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Keeping track of things

by Tod Massa 28. March 2014 22:58

Did you know, that among the public institutions and the private non-profits participating in the Tuition Assistance Grant, there at some 4,726 programs across the combination of institutions, degree, and program.

·         1,489 are at the public four-years

·         1,446 are at the VCCS and RBC

·         1,791 are at the private, nonprofits

The E16: Fall Headcount Enrollment by Race/Ethnicity, Gender and Program Detail provides enrollment detail.

The C01A2: Completion, Program Detail rovides the degree awards by level and gender and the C06: Completions, Race/Ethnicity, Program Detail adds the race/ethnicity component.

The EOM P02: Program-level Detail, Student Debt of Graduates report allows you to view the student debt for specific programs, as long as disclosure rules are met.  The EOM P03: Program-level Detail, PLUS Loan Debt of Graduates (Parent and PLUS-G) takes the focus to the PLUS loans and EOM P04: Program-level Detail, Total Debt (Student and Parent PLUS) of Graduates provides the total debt overview.

The WG03: Institution and Program-specific Data provides the wage outcomes for graduates of these programs, as long as disclosure rules are met.

At some point, we will probably create a single view of these data for each program to simplify things and provide adequate context.

Context is important. In fact, many years ago, I used to argue that context was everything, especially in the world of data. It seems especially relevant today. I’ve written before about the implications of Gainful Employment in the context of the upcoming reauthorization of the higher education act. Tonight I expand on that a bit. I hope you have seen the excellent graphic produced by the Chronicle of Higher Education about triggering penalties under the proposed rule. It really is quite good at explaining the two triggers: a 30% or greater cohort default rate, and half of graduates exceed two debt standards.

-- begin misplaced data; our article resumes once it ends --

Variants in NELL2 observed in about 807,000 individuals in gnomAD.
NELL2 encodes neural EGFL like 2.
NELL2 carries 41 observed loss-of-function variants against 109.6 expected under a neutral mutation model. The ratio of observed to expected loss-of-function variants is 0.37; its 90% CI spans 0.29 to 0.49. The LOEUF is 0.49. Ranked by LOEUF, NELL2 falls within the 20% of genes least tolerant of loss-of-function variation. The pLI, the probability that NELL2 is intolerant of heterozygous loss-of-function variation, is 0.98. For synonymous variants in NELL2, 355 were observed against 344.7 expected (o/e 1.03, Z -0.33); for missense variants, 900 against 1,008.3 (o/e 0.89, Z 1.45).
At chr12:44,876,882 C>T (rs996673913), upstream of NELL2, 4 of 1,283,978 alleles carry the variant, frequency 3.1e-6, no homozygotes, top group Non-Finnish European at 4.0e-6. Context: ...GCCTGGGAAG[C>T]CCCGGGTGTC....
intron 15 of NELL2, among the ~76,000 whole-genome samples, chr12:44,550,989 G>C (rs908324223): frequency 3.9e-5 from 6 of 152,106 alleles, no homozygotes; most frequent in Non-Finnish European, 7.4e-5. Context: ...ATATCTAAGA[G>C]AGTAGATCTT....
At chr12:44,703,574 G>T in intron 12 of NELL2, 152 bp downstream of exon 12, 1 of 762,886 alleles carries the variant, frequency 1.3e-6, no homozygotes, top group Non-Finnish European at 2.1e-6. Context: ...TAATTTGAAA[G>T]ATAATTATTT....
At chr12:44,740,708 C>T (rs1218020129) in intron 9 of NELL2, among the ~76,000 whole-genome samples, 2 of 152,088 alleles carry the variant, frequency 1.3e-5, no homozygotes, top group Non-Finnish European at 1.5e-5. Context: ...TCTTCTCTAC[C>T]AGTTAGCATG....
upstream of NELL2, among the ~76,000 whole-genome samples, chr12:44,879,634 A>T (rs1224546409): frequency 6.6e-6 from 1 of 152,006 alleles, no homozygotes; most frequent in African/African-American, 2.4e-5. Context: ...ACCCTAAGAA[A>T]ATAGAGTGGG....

Note the bottom of the graphic. Under “Estimating overall impact” we learn that this is based on 7,934 programs measured by the New America Foundation. The analysis provided by USED for the negotiated rulemaking session three indicates a total of 11,735 programs covered by the 2013 draft regulation. Regardless of the number used, placed in the context of nearly 5,000 programs at public and nonprofit institutions in Virginia, those 8,000-12,000 seem a tiny sliver of total programs likely nationally.

In fact, the number seems like an appropriate size for a pilot study. (Probably just overactive imagination.)

Returning to CHE’s graphic, note that it portrays three tiers of performance – Pass, In the Zone, and Fail with clear examples of how that is determined. It looks an awful lot like I imagine the Postsecondary Institution Ratings System (PIRS) to wind up looking, but with only three tiers instead of four or five.

I know that PIRS is planned at the institution level, and GE is at the program level, but I just can’t share the feeling that these two things are related. GE is a way to shutdown programs and PIRS is a way to shut down institutions by ending their Title IV eligibility. Perhaps they are intentionally different because, “If we can’t get them one way, we’ll get them another way.”

Or perhaps they are different to cause Congress to say,  “Let’s just use a single system.”

 

I really have no idea, but the wind is blowing from Scandinavia, and it seems kind of ripe.

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